Sufficient to say, the slicing machine 12 comprises a supporting table 14 having a platen or feed bed 16 over which the product, such processed meat, shown at 18, is fed by a feeder or pusher 20 to the slicing blade 22. The product is sliced by the blade 22 and then discharged on to the motorized conveyor 10. Normally the forward or leading edge of the meat product 18 is pressed downwardly against the bed 16 so as to prop erly engage the blade 22. This may be accomplished by means of a spring pressure plate (not shown) suitably supported adjacent the blade 22. This blade is also encased in a housing (not shown) which serves to protect the operator and also prevents the particles of sliced product from being thrown outwardly from the blade by centrifugal force. In the identified commercially available slicing machines the blade 22 is rotary and is in the form of an eccentric or involute disc which revolves at relatively high speeds. The portion of the blade 22 having the greatest radius serves to slice the edge of the product 118, with the portion of the blade having a minimum radius providing clearance for the product to be fed outwardly thereby permitting the initiation of the next slicing cycle.

Product 18 is continuously fed forwardly by the pusher 20. The feed mechanism may be of the type disclosed in the aforesaid commonly assigned patents or commercial machine. When the pusher 20 feeds the product 18 forwardly at a relatively high rate of speed, the thickness of the slices increases, and when it operates at a relatively low rate of speed the thickness of the slice is reduced.

The blade 22 is mounted at the end of a rotatable shaft 26 and this shaft in turn may be driven by mechanism of the type disclosed in the above patents. Reference should also be made to these references for a complete description of hydraulic circuitry normally associated with the slicing machine 12.

The pusher 20 is reciprocated by a hydraulic cylinder-piston assembly 28. This reciprocation is controlled by a motorized flow control valve 30 forming part of the hydraulic circuitry disclosed in the aforementioned references. In one position of this valve 30, the piston of the assembly 28 and consequently pusher 20 will shift to the left as viewed in FIG. 1 so as to feed the meat product 18 forwardly to be sliced by the blade 22. When the product 18 has been shifted to the left so that all of it has been sliced, the piston of assembly 28 together with the pusher 20 are automatically retracted upon actuation of the valve 30 to a second retracted position and thereafter another feeding cycle is initiated.

A slice thickness control 31 is provided for increasing or decreasing the rate of travel of the pusher 20 to consequently increase and decrease the slice thickness, respectively. Slice thickness control is disclosed in detail in US. Pat. Nos. 3,099,304 granted July 30, 1963; 3,200,864 granted Aug. 17, 1965; and 3,204,676 granted Sept. 7, 1965, and pending US. Pat. application Ser. No. 282,651 filed Aug. 22, 1972.

The feed mechanism may also be of the type dis closed in commonly assigned application entitled Improved Continuous Feed Bacon Slicer filed on Oct. 10, 1973 under Ser. No. 404,853.

In order to achieve a more uniform slice count per unit weight package, whether one half pound or pound, regardless of cross-sectional size of product, an overriding slice thickness control may be imposed of the type commercially available under the name Slice- Master available from its supplier, Cashin Systems Corp. of Williston Park, NY. Systems of a similar nature are disclosed in detail in US. Pat. Nos. 2,642,910 granted June 23, 1953; 2,768,666 granted Oct. 30, 1956; 2,966,186 granted Dec. 27, 1960; 3,105,533 granted Oct. 1, 1963; 3,131,739 granted May 5, 1964 and 3;l44,893 granted Aug. 18, 1964.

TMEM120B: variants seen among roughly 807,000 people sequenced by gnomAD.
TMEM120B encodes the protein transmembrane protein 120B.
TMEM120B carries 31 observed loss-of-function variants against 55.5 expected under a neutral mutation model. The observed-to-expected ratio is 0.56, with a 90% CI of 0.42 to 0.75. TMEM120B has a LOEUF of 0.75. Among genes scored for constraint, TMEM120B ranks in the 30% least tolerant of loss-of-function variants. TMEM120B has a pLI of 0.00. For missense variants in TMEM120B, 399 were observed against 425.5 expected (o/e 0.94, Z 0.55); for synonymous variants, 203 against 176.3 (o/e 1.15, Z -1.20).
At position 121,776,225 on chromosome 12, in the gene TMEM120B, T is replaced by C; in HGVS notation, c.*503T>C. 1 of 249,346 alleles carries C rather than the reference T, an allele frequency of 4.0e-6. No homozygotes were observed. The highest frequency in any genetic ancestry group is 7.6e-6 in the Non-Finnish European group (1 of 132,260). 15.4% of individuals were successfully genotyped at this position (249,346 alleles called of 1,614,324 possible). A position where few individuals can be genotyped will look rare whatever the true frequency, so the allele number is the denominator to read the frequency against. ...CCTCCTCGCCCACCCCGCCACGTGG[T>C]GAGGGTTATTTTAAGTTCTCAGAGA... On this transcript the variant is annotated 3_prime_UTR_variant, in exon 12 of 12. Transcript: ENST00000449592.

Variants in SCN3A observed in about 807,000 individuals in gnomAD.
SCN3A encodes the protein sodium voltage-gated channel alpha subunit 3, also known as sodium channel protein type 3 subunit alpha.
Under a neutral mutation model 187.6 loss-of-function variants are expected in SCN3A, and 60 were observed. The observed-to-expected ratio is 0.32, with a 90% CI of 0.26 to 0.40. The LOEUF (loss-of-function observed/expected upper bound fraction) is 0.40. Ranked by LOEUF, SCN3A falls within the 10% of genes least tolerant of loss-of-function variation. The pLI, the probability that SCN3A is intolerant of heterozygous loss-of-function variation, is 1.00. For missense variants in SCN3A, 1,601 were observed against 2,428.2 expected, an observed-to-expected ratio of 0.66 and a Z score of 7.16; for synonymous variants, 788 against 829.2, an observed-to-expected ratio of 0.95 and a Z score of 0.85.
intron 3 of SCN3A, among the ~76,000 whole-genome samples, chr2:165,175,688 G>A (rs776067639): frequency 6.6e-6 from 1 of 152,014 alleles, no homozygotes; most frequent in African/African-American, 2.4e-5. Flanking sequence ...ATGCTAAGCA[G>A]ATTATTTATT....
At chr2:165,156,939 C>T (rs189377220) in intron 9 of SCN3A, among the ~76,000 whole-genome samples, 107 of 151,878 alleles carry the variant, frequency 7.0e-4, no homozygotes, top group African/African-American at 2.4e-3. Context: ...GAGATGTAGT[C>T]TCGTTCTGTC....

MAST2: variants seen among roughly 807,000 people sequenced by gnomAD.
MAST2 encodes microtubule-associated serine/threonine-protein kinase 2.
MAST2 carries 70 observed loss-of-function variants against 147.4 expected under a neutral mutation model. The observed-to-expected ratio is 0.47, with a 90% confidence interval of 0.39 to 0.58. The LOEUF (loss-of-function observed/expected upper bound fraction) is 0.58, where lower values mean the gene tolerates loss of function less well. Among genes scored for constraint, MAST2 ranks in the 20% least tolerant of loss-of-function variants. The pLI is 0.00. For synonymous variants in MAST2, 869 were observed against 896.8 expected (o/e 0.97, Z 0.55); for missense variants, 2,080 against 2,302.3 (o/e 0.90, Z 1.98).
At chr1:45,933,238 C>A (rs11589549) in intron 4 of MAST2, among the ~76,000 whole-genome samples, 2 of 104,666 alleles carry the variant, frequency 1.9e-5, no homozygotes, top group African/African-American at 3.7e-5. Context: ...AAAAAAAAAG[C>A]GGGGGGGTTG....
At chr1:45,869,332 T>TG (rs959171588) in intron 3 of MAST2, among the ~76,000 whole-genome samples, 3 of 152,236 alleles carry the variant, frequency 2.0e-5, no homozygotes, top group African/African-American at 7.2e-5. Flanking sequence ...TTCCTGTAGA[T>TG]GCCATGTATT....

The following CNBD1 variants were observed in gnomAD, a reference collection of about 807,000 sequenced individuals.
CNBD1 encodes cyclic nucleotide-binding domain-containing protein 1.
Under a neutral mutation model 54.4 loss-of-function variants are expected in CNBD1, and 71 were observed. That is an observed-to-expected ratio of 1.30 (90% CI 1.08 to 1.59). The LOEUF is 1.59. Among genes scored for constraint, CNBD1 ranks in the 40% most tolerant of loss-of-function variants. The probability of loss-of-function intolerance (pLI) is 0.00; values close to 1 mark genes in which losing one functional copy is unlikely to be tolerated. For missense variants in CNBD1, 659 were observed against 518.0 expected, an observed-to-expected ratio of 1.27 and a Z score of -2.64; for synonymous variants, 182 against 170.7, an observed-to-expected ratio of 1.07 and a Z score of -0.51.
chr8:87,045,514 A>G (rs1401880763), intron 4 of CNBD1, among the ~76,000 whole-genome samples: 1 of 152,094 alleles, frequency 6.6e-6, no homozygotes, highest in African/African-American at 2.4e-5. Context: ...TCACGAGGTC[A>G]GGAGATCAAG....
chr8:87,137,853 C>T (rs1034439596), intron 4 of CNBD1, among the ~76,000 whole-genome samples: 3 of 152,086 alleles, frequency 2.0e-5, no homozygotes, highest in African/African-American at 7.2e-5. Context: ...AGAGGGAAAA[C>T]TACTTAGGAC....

The belt 11 of the motorized conveyor 10 is adapted to receive the slices from the machine 12 and arrange them in shingle fashion and segregate them into groups or drafts of any pre-determined number of shingled slices. This belt is run normally at a very low speed which causes the slices to pile on top of one another in a very tight shingle. The slicer is provided with a slice counter 32 which is governed by the revolutions of the shaft 26. A counter contemplated by this invention is disclosed in commonly assigned US. Pat. No. 3,099,304 granted July 30, 1963, US. Pat. No. 3,200,864 granted Aug. 17, 1965 and US. Pat. No. 3,204,676 granted Sept. 7, 1965. When the counter 32 senses that a predetermined number of slices, i.e. a draft of three, has been accomplished, it goes into space time for a predetermined number of revolutions, i.e. the equivalent of two slices. During this space time interval the piston assembly 28 stops the feed of the product to the slicer and the speed of the motorized conveyor is jumped ahead to high speed determined by the potentiometer 34 by increasing the speed of motor 13. This high speed remains on for the entire space time cycle and reverts to shingle when the slice signal is received and the space time cycle is ended. During this space time cycle the conveyor will jump approximately 2.75 inches during a two space cycle on a 930 RPM slicer in a successful embodiment of the present invention. This jump of the conveyor will serve to form spaces between the three slice drafts on the belt of the motorized conveyor.

Cooperating with the motorized conveyor 10 is a continuously moving conveyor belt 36 run at a faster speed than the normally low speed belt 11 of the motorized conveyor. Such difference in speeds between the belts 11 and 36 serves to completely separate the three slice drafts from each other on the belt 36. This greatly facilitates removal of the drafts from the belt for packaging and marketing.